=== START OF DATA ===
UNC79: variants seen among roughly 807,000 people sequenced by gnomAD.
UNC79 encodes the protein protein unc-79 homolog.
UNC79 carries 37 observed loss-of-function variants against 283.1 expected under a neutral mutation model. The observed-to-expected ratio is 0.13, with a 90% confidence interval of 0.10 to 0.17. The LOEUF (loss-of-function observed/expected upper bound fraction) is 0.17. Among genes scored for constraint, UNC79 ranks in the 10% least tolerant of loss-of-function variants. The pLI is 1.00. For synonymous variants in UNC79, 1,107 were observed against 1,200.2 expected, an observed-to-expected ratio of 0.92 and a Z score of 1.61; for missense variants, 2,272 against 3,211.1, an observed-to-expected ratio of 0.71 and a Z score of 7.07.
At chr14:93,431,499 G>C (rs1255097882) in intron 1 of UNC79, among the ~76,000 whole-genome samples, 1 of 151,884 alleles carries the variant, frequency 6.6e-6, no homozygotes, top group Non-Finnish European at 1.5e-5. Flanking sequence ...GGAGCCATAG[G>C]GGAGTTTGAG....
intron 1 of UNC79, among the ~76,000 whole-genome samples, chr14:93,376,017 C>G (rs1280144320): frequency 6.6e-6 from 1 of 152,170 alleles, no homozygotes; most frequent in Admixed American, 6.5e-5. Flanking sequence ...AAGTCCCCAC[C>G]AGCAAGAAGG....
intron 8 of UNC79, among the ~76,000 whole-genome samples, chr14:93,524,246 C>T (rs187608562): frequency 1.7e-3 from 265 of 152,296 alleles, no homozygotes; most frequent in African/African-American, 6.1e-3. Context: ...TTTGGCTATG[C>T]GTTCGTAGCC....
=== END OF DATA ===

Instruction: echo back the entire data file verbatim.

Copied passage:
UNC79: variants seen among roughly 807,000 people sequenced by gnomAD.
UNC79 encodes the protein protein unc-79 homolog.
UNC79 carries 37 observed loss-of-function variants against 283.1 expected under a neutral mutation model. The observed-to-expected ratio is 0.13, with a 90% confidence interval of 0.10 to 0.17. The LOEUF (loss-of-function observed/expected upper bound fraction) is 0.17. Among genes scored for constraint, UNC79 ranks in the 10% least tolerant of loss-of-function variants. The pLI is 1.00. For synonymous variants in UNC79, 1,107 were observed against 1,200.2 expected, an observed-to-expected ratio of 0.92 and a Z score of 1.61; for missense variants, 2,272 against 3,211.1, an observed-to-expected ratio of 0.71 and a Z score of 7.07.
At chr14:93,431,499 G>C (rs1255097882) in intron 1 of UNC79, among the ~76,000 whole-genome samples, 1 of 151,884 alleles carries the variant, frequency 6.6e-6, no homozygotes, top group Non-Finnish European at 1.5e-5. Flanking sequence ...GGAGCCATAG[G>C]GGAGTTTGAG....
intron 1 of UNC79, among the ~76,000 whole-genome samples, chr14:93,376,017 C>G (rs1280144320): frequency 6.6e-6 from 1 of 152,170 alleles, no homozygotes; most frequent in Admixed American, 6.5e-5. Flanking sequence ...AAGTCCCCAC[C>G]AGCAAGAAGG....
intron 8 of UNC79, among the ~76,000 whole-genome samples, chr14:93,524,246 C>T (rs187608562): frequency 1.7e-3 from 265 of 152,296 alleles, no homozygotes; most frequent in African/African-American, 6.1e-3. Context: ...TTTGGCTATG[C>T]GTTCGTAGCC....